In this tutorial I will go through modeling this simple house in Rhinoceros without using any plugins like VisualARQ. In this first part we will model the base shape of the house from Autocad plans.
Before we even start modeling we need Autocad plans of a house. I’ve taken dwg files and saved it as 3dm (native Rhino file format). You can download it here:
If you like, or if you get stuck with some step, you can download each step individually here:
Ok, in this first step we will be setting up our plans in 3D space. Actually we will align each view plan to our viewport in Rhino. But first, we need to group all the lines from each view and put them in a separate layer. Just so we don’t get big pile of curves in one layer, that way we wouldn’t be able to control anything. Organizing in layers is always a great idea because we can easily hide whole layer or lock it.
Ok, so lets start. First create a new layer named Plans and move all other layouts (except Default) inside Plans layers.
Now we need separate layers for our views. We need 4 side views and one top. So go on and create new layers (top, front, left, right, back).You should have something like on the image 2.
Next thing to do is to group each view and put the lines in its layers accordingly.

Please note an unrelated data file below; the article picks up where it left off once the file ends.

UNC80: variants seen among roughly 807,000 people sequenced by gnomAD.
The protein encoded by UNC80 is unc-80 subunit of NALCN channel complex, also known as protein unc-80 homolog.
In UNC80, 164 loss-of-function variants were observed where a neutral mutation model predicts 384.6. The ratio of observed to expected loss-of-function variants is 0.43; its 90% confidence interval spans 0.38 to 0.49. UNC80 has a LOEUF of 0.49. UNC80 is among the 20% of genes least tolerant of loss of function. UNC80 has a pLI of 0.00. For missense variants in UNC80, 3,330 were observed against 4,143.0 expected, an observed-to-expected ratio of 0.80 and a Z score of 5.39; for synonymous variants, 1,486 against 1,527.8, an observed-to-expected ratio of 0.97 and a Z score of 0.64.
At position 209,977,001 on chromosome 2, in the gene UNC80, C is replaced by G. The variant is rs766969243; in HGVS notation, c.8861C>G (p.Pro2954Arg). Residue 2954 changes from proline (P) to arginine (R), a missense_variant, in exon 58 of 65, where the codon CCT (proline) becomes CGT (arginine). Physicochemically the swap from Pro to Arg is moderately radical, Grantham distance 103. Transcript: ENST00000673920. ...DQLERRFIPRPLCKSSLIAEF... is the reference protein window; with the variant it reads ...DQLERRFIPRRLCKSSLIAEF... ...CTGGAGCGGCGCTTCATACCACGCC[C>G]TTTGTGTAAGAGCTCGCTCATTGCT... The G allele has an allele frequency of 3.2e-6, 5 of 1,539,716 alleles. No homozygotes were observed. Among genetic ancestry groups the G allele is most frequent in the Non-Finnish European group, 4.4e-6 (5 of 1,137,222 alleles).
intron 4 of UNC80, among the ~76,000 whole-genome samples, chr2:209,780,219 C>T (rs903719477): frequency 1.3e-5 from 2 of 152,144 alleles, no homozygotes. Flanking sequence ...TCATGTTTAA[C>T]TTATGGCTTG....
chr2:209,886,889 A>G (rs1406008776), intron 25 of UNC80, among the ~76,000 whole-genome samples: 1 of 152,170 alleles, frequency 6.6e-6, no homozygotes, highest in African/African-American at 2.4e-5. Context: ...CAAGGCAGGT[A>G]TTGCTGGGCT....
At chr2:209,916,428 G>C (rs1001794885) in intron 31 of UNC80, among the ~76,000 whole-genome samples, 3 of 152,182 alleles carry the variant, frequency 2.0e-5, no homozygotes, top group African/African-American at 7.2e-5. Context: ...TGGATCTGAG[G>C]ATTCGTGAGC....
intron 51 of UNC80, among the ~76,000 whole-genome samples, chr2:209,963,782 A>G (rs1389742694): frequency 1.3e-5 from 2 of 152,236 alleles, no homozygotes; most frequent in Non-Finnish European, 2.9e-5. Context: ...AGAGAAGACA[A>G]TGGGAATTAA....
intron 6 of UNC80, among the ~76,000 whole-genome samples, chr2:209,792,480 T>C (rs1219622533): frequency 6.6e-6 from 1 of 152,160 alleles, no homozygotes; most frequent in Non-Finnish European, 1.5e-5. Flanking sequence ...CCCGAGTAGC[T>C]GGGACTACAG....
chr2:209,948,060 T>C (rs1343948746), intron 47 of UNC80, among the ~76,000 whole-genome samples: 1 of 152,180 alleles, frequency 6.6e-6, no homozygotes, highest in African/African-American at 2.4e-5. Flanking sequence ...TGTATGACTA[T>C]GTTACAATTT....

We need to orient our blueprints so they fit in every viewport in Rhino, right now they are all oriented the same way visible in Top view. We will be using RemapCPlane command to do this, so we don’t have to rotate, Rhino can do that for us. So, lets start with Front view. To do so, click on the Front group of curves (or layer) from Top viewport and run RemapCPlane and click anywhere inside front viewport. You should get the same situation like on image 5 below.
Using Move tool and with help of Osnap (End option would be enough, but just to be sure you can check Intersection too. Near could be a little confusing) we will position our front layer in right place according to our top layer (check image 6).
We will do this same step for all other views, so we get a “house” made of plans. Sort of. Note: when using RemapCPlane for other views (groups of curves) make sure you use the right viewport and cplane. For example, if you want to remap back layer you will have to select it, run the RemapCPlane and click anywhere on Back viewport. Since Back (or left) viewport is not active by default, you can click on any of 4 viewport names with right mouse button, then Set View, and there you can choose which viewport to use. Just remember, For back group of curves you need back viewport, for right group of curves you need right viewport, and the same applies for left, front and even top.
I don’t think this should be very hard to setup, and once you do, you will have something like on the image 7 below.
And note the orientation of the letters above groups. That should give you pretty good idea of how well you did to recreate this.